WelcomeHi and welcome to Healthy with Cyndi! I'm a wife, mom, runner, ACE Certified Personal Trainer, ACE Fitness Nutrition Specialist, and lover of all things health and fitness. I hope to inspire you to live your healthiest life!
Tag Archives: nutrition
Do you struggle with making a healthy meal plan? I know I do! I look at the day ahead and try to plan balanced meals for me and my family. What exactly is a “healthy meal”? This could mean different things to different people depending on their lifestyle and food preferences.
Basically, a healthy meal helps meet nutrient needs by containing a balance of food groups. Building a healthy meal isn’t difficult once you have a basic understanding of nutrition.
10 Tips for Building a Healthy Meal
- Try to make half your plate vegetables and fruits. Veggies and fruits are very nutrient dense and have many health benefits. Get a variety of colors such as red, orange, and dark green vegetables. (tomatoes, sweet potatoes, and broccoli)
- Include lean protein. Choose proteins such as beans, lentils, tofu, turkey, chicken, or lean beef. If you eat fish, try to include it twice per week as your protein source.
- Add whole grains. Try to make all (or at least half) of your grains whole grains. Compared to refined grains, whole grains supply more nutrients like vitamins, minerals and fiber. Some good sources are oats, brown or wild rice, millet, and barley to name a few. Look for 100% whole grain or 100% whole wheat on the label.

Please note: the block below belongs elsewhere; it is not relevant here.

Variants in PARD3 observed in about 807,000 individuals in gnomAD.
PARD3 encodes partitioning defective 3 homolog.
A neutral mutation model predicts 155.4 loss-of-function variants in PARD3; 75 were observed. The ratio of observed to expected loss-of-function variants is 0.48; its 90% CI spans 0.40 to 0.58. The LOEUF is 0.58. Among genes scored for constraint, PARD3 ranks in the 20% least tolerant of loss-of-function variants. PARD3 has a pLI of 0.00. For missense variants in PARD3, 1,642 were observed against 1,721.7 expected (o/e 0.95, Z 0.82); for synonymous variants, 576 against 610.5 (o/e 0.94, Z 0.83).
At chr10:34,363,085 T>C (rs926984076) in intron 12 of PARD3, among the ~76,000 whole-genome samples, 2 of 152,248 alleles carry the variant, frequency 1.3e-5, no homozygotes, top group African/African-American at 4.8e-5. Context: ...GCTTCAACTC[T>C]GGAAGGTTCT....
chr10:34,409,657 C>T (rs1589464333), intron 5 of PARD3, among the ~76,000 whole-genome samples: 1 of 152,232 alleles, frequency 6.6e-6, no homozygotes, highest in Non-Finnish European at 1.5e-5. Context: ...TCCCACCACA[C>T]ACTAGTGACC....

- Get some calcium. If you drink milk, add a cup with your meal. You could also choose soymilk or another nut milk with calcium. Some non-dairy foods high in calcium are: kale, broccoli, watercress, bok choy, okra, and almonds (source).
- Steer clear of extra fat. A little lemon, sprinkle of parmesan cheese, or additional spices add extra flavor without added fat. It’s easy to turn something healthy such as broccoli or potatoes into a not so healthy option by adding a cheese sauce or heavy gravy.
- Don’t eat too fast. Take your time and enjoy your food! Eat slowly, be mindful, and pay attention how the food you’re eating makes you feel. If you eat too fast, you’re more likely to overeat.
- Portion control. Using smaller plates will help control portion sizes. Bigger plates tend to make us serve more and eat more food.
- Take control. Eat most meals at home (or pack your lunch). Making your own meals allows you to know exactly what you’re eating. If you do eat out, most restaurants have their nutritional information online. You can check and compare beforehand to help pick healthier options.
- Try something new. Pick out some new foods to try. You just might discover a new favorite! Even cooking a food in a different way will add variety. Roast your veggies instead of steaming or try baked spaghetti (a family favorite).
- Have a “healthy” dessert. Fruit is a perfect naturally sweet dessert. Fresh, a parfait, or even baked apples. If you have to satisfy that sweet tooth each night, keep portions in check.
Getting a balance of nutrients is important for maintaining health. You can always modify the portions of your meals to get the proper balance of food groups. And when eating out, don’t forget about Portion Distortion!
I hope these tips will be helpful when planning meals for yourself or for your family!
It’s probably no surprise that physical activity, athletic performance, and recovery from exercise are enhanced by optimal nutrition (source). When we select the proper foods and fluids at the right time, it will lead to better health and better exercise performance.